Now we can begin to add some colour. Give each shape a colour fill. I’m using two tones of grey for the body parts, red for key areas and blue or yellow for buttons and dials.

To add a little more depth to the otherwise flat design, we can switch out the solid fills with cool gradients. Create swatches for each of your colour selections with a light-dark gradient tone and replace the fills. Adjust the angle of the gradients where necessary with the Gradient tool.

We can also add more depth by creating a series of subtle highlights. Copy and paste a duplicate of the antenna and fill it with white. Draw a temporary shape that cuts through the circle then clip out the shape with the Pathfinder palette.

Change the opacity of this clipped shape to around 20% to create a soft reflection which gives the impression of a shiny or glossy material.

Repeat the process for each shape across the robot’s body to add subtle light reflections to add more depth and a touch of realism to the design.

Finish off the design with a little shadow. Begin with a circle filled with a soft grey to transparent gradient.

Squash the shape down and position it under the robot’s feet. Use the shortcut CMD+Shift+[ to send the shadow to the bottom of the stack.

Vector robot character

This leaves our cool retro style vector robot character complete. Even though it’s made from basic shapes and simple colour fills those varied line weights, gradients and highlights really help bring it to life and lift the character from the screen.

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  1. Hello Chris, I’m new to this blogging, frankly, I admire your work as a designer and programmer, you do very interesting things, I hope to reach the quality of your designs, hopefully in the future we can work on a project together .. .
    Greetings from Mexico !!!!!

  2. First off thanks for the tutorial, exactly what I needed on the start of my journey into Illustrator.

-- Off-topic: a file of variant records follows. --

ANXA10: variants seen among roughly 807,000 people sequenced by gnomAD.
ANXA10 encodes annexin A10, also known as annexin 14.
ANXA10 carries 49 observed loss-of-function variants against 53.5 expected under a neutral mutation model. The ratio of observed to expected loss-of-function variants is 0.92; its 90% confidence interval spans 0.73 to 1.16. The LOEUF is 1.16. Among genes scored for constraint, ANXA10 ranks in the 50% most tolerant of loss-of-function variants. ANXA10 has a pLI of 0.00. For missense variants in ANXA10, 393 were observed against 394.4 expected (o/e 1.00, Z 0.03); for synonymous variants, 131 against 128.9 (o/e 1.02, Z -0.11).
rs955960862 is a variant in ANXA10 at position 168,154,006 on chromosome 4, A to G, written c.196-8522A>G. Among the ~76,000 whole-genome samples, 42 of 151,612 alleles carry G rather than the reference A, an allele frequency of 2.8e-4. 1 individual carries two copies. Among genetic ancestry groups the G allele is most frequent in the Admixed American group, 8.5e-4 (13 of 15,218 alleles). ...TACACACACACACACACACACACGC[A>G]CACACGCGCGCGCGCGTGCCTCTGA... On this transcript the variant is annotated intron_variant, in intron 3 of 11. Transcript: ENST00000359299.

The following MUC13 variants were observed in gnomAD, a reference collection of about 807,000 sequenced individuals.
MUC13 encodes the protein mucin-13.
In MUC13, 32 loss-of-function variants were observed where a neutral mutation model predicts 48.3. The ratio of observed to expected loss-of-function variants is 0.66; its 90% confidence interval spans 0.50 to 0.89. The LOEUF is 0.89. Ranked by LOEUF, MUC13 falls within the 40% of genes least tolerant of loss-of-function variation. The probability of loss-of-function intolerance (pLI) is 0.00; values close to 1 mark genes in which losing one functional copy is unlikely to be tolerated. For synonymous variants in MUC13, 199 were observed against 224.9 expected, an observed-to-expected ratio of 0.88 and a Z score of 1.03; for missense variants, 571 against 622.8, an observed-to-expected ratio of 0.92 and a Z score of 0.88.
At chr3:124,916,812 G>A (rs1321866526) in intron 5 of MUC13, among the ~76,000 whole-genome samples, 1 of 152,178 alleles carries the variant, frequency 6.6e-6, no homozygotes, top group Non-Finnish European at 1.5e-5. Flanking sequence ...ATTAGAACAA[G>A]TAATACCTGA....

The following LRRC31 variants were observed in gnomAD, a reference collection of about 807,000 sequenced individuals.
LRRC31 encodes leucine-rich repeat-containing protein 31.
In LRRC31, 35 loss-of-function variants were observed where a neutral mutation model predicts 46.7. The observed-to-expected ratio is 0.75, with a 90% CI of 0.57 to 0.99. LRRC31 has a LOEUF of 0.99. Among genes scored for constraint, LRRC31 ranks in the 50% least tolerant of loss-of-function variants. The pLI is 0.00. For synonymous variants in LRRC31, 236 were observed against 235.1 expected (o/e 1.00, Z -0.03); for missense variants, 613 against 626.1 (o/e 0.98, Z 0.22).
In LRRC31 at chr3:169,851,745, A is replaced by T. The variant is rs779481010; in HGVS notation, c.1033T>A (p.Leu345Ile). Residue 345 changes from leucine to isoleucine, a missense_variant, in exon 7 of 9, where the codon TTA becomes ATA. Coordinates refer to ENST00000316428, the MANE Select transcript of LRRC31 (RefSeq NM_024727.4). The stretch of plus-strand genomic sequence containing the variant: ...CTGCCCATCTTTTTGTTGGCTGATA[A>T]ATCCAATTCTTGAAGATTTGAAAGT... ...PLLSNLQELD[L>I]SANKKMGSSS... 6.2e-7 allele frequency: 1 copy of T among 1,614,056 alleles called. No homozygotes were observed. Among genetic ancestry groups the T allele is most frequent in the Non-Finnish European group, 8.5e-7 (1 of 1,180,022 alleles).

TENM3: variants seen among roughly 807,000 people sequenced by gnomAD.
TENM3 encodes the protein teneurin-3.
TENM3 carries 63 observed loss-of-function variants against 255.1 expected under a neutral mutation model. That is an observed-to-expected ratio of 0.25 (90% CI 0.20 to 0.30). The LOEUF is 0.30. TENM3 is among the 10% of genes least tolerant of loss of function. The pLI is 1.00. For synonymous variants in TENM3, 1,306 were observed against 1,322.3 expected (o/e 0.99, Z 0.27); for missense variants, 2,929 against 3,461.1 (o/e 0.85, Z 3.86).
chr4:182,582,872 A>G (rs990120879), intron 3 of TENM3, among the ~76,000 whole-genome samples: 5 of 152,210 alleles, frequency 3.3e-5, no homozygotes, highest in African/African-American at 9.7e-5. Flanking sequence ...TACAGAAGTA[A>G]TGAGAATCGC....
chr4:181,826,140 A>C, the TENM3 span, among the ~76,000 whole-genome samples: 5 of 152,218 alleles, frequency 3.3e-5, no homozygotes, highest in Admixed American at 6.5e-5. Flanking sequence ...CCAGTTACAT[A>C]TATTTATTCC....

I was really enjoying this tutorial until it came to creating the outline of the whole robot. I draw around the robot using the empty pointer to select the whole thing, then copy and paste in to a new layer and merging using the pathfinder. however, the hands and feet remain as separate layers, retaining their fill and stroke with no option to merge them into the rest of the shape. Also, when I create a stroke around the parts which have merged, it creates strokes around some of the individual elements (the ‘armpits’ and the ears) as well. What am I doing wrong here?
    I’m using CS3

  3. It took me like 3 and half hours to finish the tutorial, I loved the results, I made some changes to the robot though but THANKS A LOT dude, I learn some basic stuff from this.

  4. Great tutorial! Im going to send my newbies this way when they need a bit of Illustrator 101. Thanks for a great user friendly post.

  5. The robot looks amazing. I have been wanting to create a robot mascot design but I can’t seem to get the proportions right. The character design you did is simply top-notch. Finally, I decided to seek some professional assistance at I showed them this particular tutorial to show them what I like in your design. The initial mascot design came out better than expected and for the price I paid, it was a steal. Thanks for posting this tutorial (which eventually served as my inspiration).

  6. Nice Robot. =) I like the glossy details.

    But he has really short legs.. Some wheels like a tank would make him much faster. ;D